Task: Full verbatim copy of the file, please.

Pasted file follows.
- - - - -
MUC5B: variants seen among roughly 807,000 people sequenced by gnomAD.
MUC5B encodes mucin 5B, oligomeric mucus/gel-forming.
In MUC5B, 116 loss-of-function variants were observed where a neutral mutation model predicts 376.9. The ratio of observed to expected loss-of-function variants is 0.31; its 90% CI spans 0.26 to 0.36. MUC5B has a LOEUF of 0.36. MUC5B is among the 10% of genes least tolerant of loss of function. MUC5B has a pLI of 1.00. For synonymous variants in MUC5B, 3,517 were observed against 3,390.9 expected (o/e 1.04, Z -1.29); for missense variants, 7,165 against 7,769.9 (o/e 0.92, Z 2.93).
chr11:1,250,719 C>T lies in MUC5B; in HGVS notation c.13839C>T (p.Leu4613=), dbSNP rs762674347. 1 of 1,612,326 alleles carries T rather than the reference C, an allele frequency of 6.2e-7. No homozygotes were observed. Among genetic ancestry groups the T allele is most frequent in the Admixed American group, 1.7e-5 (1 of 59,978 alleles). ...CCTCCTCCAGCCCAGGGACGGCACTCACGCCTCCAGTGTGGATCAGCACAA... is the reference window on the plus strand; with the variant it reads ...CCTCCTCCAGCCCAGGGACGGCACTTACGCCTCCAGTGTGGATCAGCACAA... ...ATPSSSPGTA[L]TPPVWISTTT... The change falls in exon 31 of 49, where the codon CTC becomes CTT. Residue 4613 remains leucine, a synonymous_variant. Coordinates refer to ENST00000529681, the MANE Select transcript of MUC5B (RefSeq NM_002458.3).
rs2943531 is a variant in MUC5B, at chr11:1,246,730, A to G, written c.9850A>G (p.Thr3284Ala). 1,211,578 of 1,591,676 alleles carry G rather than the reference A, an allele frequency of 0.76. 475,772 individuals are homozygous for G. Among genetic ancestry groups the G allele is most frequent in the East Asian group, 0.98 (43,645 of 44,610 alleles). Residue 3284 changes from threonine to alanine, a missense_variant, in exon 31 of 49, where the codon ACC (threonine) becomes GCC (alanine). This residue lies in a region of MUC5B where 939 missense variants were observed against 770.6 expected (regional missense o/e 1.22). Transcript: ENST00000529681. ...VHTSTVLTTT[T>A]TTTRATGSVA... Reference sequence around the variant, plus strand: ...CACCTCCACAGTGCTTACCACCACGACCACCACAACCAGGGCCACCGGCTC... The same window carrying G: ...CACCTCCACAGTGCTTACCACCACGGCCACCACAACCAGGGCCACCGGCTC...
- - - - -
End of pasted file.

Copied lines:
MUC5B: variants seen among roughly 807,000 people sequenced by gnomAD.
MUC5B encodes mucin 5B, oligomeric mucus/gel-forming.
In MUC5B, 116 loss-of-function variants were observed where a neutral mutation model predicts 376.9. The ratio of observed to expected loss-of-function variants is 0.31; its 90% CI spans 0.26 to 0.36. MUC5B has a LOEUF of 0.36. MUC5B is among the 10% of genes least tolerant of loss of function. MUC5B has a pLI of 1.00. For synonymous variants in MUC5B, 3,517 were observed against 3,390.9 expected (o/e 1.04, Z -1.29); for missense variants, 7,165 against 7,769.9 (o/e 0.92, Z 2.93).
chr11:1,250,719 C>T lies in MUC5B; in HGVS notation c.13839C>T (p.Leu4613=), dbSNP rs762674347. 1 of 1,612,326 alleles carries T rather than the reference C, an allele frequency of 6.2e-7. No homozygotes were observed. Among genetic ancestry groups the T allele is most frequent in the Admixed American group, 1.7e-5 (1 of 59,978 alleles). ...CCTCCTCCAGCCCAGGGACGGCACTCACGCCTCCAGTGTGGATCAGCACAA... is the reference window on the plus strand; with the variant it reads ...CCTCCTCCAGCCCAGGGACGGCACTTACGCCTCCAGTGTGGATCAGCACAA... ...ATPSSSPGTA[L]TPPVWISTTT... The change falls in exon 31 of 49, where the codon CTC becomes CTT. Residue 4613 remains leucine, a synonymous_variant. Coordinates refer to ENST00000529681, the MANE Select transcript of MUC5B (RefSeq NM_002458.3).
rs2943531 is a variant in MUC5B, at chr11:1,246,730, A to G, written c.9850A>G (p.Thr3284Ala). 1,211,578 of 1,591,676 alleles carry G rather than the reference A, an allele frequency of 0.76. 475,772 individuals are homozygous for G. Among genetic ancestry groups the G allele is most frequent in the East Asian group, 0.98 (43,645 of 44,610 alleles). Residue 3284 changes from threonine to alanine, a missense_variant, in exon 31 of 49, where the codon ACC (threonine) becomes GCC (alanine). This residue lies in a region of MUC5B where 939 missense variants were observed against 770.6 expected (regional missense o/e 1.22). Transcript: ENST00000529681. ...VHTSTVLTTT[T>A]TTTRATGSVA... Reference sequence around the variant, plus strand: ...CACCTCCACAGTGCTTACCACCACGACCACCACAACCAGGGCCACCGGCTC... The same window carrying G: ...CACCTCCACAGTGCTTACCACCACGGCCACCACAACCAGGGCCACCGGCTC...